Although asteroid 2006 SX 217 has a well-known orbit, on April 23, astronomers at the Arecibo Observatory in Puerto Rico took the opportunity to transmit radar pulses at the object as it made a close approach with Earth. Although Arecibo could transmit the radar, problems with the large dish’s receiver meant that the National Science Foundation's Goldstone radio telescope, located in West Virginia, had to step in to help out.

The space rock, which measures approximately a mile wide, came as close as 3 million miles from Earth (around 10 times the Earth-moon distance), but as it was approaching from the direction of the sun, the sun’s glare would have rendered any observation attempts by optical telescopes futile. The radar campaign, however, managed to resolve fantastic detail in the asteroid’s surface features, highlighting its boulder strewn landscape.

After pinging 2006 SX 217, astronomers noticed that the asteroid was abnormally dark and larger than previous estimates suggested.

“This asteroid is really big and its surface is probably about as black as the toner in a copier,” said Arecibo astronomer Ellen Howell, who led the observation campaign. “It’s also slowly rotating, with one side moving toward Earth and the other away.”

Radar observations are critical in efforts to observe and characterize near-Earth asteroids. The resolution of the bounced radio waves not only provides an unparalleled view of asteroids’ surface features, the technique can be used to study Earth-buzzing asteroids even if we are otherwise blinded by the sun.

Quelle: D-News


2369 Views

Freitag, 9. Mai 2014 - 22:41 Uhr

Raumfahrt - NASA´s Magnetospheric Multiscale, or MMS-Spacecraft

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All four stacked Magnetospheric Multiscale, or MMS, spacecraft with solar arrays are ready to move to the vibration chamber at NASA's Goddard Space Flight Center in Greenbelt, Md., where they will undergo environmental tests.
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Mission Update:

Engineers at NASA’s Goddard Space Flight Center in Greenbelt, Md., accomplished another first. Using a large overhead crane, they mated two Magnetospheric Multiscale, or MMS, observatories – also called mini-stacks -- at a time, to construct a full four-stack of observatories.
 

Next, the MMS four-stack will be carefully transported from their Goddard cleanroom to a special vibration facility — housed within the same immense integration and testing facility — where they will be secured to a large shaking table and subjected to vibration tests. These tests help to ensure the structural integrity of the stacked spacecraft prior to shipment to NASA’s Kennedy Space Center, Fla.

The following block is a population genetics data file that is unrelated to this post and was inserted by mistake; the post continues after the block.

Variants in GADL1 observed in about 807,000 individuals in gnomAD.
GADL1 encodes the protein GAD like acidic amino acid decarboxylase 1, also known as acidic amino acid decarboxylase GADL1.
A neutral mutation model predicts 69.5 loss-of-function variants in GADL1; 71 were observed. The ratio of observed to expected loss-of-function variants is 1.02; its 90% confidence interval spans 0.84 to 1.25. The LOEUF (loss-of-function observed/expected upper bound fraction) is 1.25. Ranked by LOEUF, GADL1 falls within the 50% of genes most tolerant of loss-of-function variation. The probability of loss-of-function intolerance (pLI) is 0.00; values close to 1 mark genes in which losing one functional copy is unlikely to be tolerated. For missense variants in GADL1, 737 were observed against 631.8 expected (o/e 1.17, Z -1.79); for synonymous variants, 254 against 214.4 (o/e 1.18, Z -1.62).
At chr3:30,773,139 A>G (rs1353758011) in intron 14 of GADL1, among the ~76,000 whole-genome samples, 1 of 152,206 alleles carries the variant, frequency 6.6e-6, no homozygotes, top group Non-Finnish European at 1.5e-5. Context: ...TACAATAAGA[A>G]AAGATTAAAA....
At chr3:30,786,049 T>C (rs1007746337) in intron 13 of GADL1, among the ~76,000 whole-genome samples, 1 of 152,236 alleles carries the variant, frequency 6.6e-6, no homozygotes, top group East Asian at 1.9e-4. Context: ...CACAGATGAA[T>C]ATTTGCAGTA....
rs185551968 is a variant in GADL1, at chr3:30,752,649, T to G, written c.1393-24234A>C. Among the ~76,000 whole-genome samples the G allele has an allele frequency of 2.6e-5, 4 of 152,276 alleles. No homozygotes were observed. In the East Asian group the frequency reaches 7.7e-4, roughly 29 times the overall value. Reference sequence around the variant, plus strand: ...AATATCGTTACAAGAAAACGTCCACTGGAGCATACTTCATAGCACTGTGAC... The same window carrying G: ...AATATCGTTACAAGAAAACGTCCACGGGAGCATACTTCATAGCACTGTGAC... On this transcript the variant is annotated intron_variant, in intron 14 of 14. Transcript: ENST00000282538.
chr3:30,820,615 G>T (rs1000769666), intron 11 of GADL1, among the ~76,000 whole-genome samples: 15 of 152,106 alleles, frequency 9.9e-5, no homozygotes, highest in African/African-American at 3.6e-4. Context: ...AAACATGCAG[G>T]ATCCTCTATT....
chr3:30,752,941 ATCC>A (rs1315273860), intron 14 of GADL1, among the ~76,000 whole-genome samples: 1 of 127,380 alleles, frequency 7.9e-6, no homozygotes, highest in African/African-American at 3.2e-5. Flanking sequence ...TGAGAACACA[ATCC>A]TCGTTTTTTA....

The vibration tests determine whether the four MMS spacecraft can withstand the extreme vibration and dynamic loads they will experience inside the fairing of the Atlas V launch vehicle on launch day. It’s during the first moments after lift-off that the spacecraft is exposed to the most stress.
 

The MMS mission consists of four spacecraft outfitted with identical instruments. The mission will fly through near-Earth space to study how the sun and Earth's magnetic fields connect and disconnect, an explosive process that can accelerate particles through space to nearly the speed of light. This process is called magnetic reconnection and occurs throughout all space.
 

MMS is a Solar Terrestrial Probes Program, or STP, mission within NASA’s Heliophysics Division. STP program missions improve our understanding of fundamental physical processes in the space environment from the sun to Earth, to other planets, and to the extremes of the solar system boundary.  Goddard is building the MMS spacecraft and the Fast Plasma Instrument for NASA’s Science Mission Directorate in Washington.
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NASA Administrator and Media to See MMS Mission Progress

NASA Administrator Charles Bolden will get a firsthand look at work being done on the Magnetospheric Multiscale (MMS) spacecraft during a visit to the agency's Goddard Space Flight Center in Greenbelt, Maryland, on Monday, May 12.

Bolden will visit Goddard's Integration and Test Facility where the four MMS spacecraft are undergoing testing. The spacecraft will be in a rare four-stack arrangement inside a clean room after completing vibration testing. The clean room itself will be temporarily altered to allow a close-up view of the approximate 20-foot high collection of four observatories in their launch configuration.

A media opportunity will begin at 9 a.m. EDT. In addition to Bolden, MMS project personnel will be available to answer questions about the mission, ground testing and preps for launch.

During its two-year mission, MMS will explore the mystery of how magnetic fields around Earth connect and disconnect, explosively releasing energy -- a process known as magnetic reconnection. The four MMS spacecraft will provide the first three-dimensional views of this fundamental process that occurs throughout our universe.
Quelle: NASA

Tags: NASA´s Magnetospheric Multiscale or MMS-Spacecraft 

2455 Views

Freitag, 9. Mai 2014 - 22:30 Uhr

Raumfahrt - Start von SpaceX Falcon 9 mit sechs Kommunikationssatelliten für Orbcomm verschoben auf 22.Mai

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3.05.2014

SpaceX will launch a Falcon 9 rocket on Saturday. The rocket will be carrying six communications satellites for Orbcomm, a New Jersey-based company. (VIDEO STILL/NASA)

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SpaceX set to launch rocket next Saturday

Another rocket launch is a week away.

SpaceX will launch a Falcon 9 rocket next Saturday. The rocket will be carrying six communications satellites for Orbcomm, a New Jersey-based company. The satellites are small, and they provide two-way data messaging services.